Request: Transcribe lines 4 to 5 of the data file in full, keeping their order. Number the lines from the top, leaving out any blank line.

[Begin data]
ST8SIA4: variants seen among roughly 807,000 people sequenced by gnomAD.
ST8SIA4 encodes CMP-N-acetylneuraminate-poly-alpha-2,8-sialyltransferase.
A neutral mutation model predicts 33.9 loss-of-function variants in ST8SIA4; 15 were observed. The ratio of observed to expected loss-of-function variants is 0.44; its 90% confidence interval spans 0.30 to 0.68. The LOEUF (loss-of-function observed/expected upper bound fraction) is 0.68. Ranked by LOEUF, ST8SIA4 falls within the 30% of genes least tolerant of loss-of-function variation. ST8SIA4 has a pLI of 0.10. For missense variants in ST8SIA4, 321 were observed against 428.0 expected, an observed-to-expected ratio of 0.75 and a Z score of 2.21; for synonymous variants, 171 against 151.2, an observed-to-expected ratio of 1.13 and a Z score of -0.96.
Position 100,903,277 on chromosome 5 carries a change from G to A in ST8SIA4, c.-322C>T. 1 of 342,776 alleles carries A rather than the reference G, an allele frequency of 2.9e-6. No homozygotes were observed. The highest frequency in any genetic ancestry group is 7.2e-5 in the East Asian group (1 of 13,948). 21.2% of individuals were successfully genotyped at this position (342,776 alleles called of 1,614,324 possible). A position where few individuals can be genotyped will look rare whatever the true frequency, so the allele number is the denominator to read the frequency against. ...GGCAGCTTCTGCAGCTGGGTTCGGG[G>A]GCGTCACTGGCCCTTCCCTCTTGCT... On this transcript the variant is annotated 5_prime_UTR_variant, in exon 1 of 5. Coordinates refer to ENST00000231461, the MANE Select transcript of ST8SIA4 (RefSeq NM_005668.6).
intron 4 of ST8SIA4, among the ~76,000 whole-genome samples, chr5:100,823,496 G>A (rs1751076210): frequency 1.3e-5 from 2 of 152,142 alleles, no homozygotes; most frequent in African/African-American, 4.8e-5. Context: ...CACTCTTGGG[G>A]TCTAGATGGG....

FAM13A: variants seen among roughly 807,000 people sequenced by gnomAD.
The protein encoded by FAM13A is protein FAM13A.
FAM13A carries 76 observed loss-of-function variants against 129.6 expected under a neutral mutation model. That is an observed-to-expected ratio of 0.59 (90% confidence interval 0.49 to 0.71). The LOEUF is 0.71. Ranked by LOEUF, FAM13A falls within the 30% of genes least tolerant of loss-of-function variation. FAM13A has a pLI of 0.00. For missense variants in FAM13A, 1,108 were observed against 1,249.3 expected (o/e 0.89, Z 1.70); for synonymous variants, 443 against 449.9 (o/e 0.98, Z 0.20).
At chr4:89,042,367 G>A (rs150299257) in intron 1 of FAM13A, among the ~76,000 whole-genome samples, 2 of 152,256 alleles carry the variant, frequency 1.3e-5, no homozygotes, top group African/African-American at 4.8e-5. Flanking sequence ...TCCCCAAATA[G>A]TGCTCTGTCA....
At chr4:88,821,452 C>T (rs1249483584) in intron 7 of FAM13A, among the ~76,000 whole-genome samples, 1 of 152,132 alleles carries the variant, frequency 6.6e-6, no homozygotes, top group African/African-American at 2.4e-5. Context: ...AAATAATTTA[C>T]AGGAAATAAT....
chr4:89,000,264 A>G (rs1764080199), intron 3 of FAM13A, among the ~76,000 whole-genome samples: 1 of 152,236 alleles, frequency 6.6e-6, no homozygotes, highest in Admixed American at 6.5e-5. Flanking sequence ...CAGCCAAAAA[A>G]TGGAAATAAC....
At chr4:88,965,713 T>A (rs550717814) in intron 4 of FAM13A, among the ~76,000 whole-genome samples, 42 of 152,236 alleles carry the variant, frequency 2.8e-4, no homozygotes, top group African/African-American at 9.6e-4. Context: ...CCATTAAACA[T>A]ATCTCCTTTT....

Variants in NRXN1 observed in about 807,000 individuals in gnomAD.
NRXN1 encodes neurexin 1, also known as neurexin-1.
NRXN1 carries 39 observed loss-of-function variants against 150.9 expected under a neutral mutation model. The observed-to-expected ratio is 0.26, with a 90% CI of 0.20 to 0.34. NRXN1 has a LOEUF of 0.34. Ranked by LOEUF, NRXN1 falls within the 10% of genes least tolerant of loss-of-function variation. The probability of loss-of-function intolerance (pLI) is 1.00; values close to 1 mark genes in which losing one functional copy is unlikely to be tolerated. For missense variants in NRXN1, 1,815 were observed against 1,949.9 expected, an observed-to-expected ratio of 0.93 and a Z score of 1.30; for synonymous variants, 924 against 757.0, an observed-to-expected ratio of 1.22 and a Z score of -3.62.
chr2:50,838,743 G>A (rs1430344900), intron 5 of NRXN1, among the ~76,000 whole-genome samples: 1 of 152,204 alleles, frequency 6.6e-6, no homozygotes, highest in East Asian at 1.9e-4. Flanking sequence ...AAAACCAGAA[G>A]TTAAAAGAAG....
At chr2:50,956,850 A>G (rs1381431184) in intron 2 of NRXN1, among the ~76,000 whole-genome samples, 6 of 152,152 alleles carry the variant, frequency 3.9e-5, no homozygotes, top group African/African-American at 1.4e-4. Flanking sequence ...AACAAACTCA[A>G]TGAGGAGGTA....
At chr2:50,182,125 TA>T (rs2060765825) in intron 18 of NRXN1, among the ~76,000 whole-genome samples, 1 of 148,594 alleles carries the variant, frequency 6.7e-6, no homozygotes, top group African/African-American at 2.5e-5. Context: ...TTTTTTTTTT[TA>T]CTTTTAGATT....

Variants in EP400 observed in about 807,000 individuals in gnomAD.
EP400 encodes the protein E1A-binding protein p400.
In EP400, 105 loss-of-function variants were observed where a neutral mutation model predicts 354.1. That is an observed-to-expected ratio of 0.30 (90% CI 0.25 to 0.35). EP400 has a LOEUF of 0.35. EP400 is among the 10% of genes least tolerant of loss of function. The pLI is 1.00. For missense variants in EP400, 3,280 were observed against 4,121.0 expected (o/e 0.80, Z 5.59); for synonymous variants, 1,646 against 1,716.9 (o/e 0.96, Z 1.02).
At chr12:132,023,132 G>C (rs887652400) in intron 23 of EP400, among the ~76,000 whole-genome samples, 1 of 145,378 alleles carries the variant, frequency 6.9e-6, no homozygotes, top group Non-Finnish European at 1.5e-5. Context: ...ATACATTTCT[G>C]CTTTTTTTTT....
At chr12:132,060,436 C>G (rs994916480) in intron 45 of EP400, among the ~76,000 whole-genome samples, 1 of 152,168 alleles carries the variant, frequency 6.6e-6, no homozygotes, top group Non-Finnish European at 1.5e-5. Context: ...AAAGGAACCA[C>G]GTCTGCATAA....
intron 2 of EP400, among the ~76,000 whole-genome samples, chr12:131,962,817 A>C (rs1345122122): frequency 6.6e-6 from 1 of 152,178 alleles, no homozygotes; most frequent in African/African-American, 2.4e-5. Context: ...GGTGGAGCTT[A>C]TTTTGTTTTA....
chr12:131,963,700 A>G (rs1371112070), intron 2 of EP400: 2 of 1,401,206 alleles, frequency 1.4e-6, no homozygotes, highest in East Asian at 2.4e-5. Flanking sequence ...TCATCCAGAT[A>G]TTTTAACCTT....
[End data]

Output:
Position 100,903,277 on chromosome 5 carries a change from G to A in ST8SIA4, c.-322C>T. 1 of 342,776 alleles carries A rather than the reference G, an allele frequency of 2.9e-6. No homozygotes were observed. The highest frequency in any genetic ancestry group is 7.2e-5 in the East Asian group (1 of 13,948). 21.2% of individuals were successfully genotyped at this position (342,776 alleles called of 1,614,324 possible). A position where few individuals can be genotyped will look rare whatever the true frequency, so the allele number is the denominator to read the frequency against. ...GGCAGCTTCTGCAGCTGGGTTCGGG[G>A]GCGTCACTGGCCCTTCCCTCTTGCT... On this transcript the variant is annotated 5_prime_UTR_variant, in exon 1 of 5. Coordinates refer to ENST00000231461, the MANE Select transcript of ST8SIA4 (RefSeq NM_005668.6).
intron 4 of ST8SIA4, among the ~76,000 whole-genome samples, chr5:100,823,496 G>A (rs1751076210): frequency 1.3e-5 from 2 of 152,142 alleles, no homozygotes; most frequent in African/African-American, 4.8e-5. Context: ...CACTCTTGGG[G>A]TCTAGATGGG....